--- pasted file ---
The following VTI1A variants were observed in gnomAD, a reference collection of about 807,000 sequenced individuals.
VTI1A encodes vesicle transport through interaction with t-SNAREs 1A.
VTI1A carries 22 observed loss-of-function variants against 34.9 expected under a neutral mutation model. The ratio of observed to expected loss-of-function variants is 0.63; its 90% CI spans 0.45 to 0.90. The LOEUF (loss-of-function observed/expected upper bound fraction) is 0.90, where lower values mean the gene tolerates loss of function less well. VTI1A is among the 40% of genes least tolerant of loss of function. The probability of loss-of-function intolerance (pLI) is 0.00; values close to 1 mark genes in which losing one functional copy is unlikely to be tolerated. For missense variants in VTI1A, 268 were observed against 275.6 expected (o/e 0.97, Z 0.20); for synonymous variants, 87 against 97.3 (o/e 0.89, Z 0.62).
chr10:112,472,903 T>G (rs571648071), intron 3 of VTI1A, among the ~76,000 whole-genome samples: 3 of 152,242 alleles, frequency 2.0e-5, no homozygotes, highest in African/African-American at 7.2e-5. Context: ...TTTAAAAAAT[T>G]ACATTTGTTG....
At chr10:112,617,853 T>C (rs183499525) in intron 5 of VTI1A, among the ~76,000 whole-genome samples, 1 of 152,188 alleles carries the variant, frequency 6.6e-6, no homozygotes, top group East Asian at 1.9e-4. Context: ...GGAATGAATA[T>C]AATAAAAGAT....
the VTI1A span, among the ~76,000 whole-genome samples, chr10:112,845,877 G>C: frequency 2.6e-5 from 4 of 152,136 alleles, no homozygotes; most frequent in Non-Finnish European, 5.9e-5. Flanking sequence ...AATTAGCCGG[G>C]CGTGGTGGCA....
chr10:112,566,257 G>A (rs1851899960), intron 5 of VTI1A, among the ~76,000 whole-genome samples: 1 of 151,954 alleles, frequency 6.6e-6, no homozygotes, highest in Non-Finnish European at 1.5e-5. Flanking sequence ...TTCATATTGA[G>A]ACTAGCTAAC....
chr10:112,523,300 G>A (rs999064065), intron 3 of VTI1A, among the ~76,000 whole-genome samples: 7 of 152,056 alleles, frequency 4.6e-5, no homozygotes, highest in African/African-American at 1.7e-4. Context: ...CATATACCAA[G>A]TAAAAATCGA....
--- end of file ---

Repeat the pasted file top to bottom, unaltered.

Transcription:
The following VTI1A variants were observed in gnomAD, a reference collection of about 807,000 sequenced individuals.
VTI1A encodes vesicle transport through interaction with t-SNAREs 1A.
VTI1A carries 22 observed loss-of-function variants against 34.9 expected under a neutral mutation model. The ratio of observed to expected loss-of-function variants is 0.63; its 90% CI spans 0.45 to 0.90. The LOEUF (loss-of-function observed/expected upper bound fraction) is 0.90, where lower values mean the gene tolerates loss of function less well. VTI1A is among the 40% of genes least tolerant of loss of function. The probability of loss-of-function intolerance (pLI) is 0.00; values close to 1 mark genes in which losing one functional copy is unlikely to be tolerated. For missense variants in VTI1A, 268 were observed against 275.6 expected (o/e 0.97, Z 0.20); for synonymous variants, 87 against 97.3 (o/e 0.89, Z 0.62).
chr10:112,472,903 T>G (rs571648071), intron 3 of VTI1A, among the ~76,000 whole-genome samples: 3 of 152,242 alleles, frequency 2.0e-5, no homozygotes, highest in African/African-American at 7.2e-5. Context: ...TTTAAAAAAT[T>G]ACATTTGTTG....
At chr10:112,617,853 T>C (rs183499525) in intron 5 of VTI1A, among the ~76,000 whole-genome samples, 1 of 152,188 alleles carries the variant, frequency 6.6e-6, no homozygotes, top group East Asian at 1.9e-4. Context: ...GGAATGAATA[T>C]AATAAAAGAT....
the VTI1A span, among the ~76,000 whole-genome samples, chr10:112,845,877 G>C: frequency 2.6e-5 from 4 of 152,136 alleles, no homozygotes; most frequent in Non-Finnish European, 5.9e-5. Flanking sequence ...AATTAGCCGG[G>C]CGTGGTGGCA....
chr10:112,566,257 G>A (rs1851899960), intron 5 of VTI1A, among the ~76,000 whole-genome samples: 1 of 151,954 alleles, frequency 6.6e-6, no homozygotes, highest in Non-Finnish European at 1.5e-5. Flanking sequence ...TTCATATTGA[G>A]ACTAGCTAAC....
chr10:112,523,300 G>A (rs999064065), intron 3 of VTI1A, among the ~76,000 whole-genome samples: 7 of 152,056 alleles, frequency 4.6e-5, no homozygotes, highest in African/African-American at 1.7e-4. Context: ...CATATACCAA[G>A]TAAAAATCGA....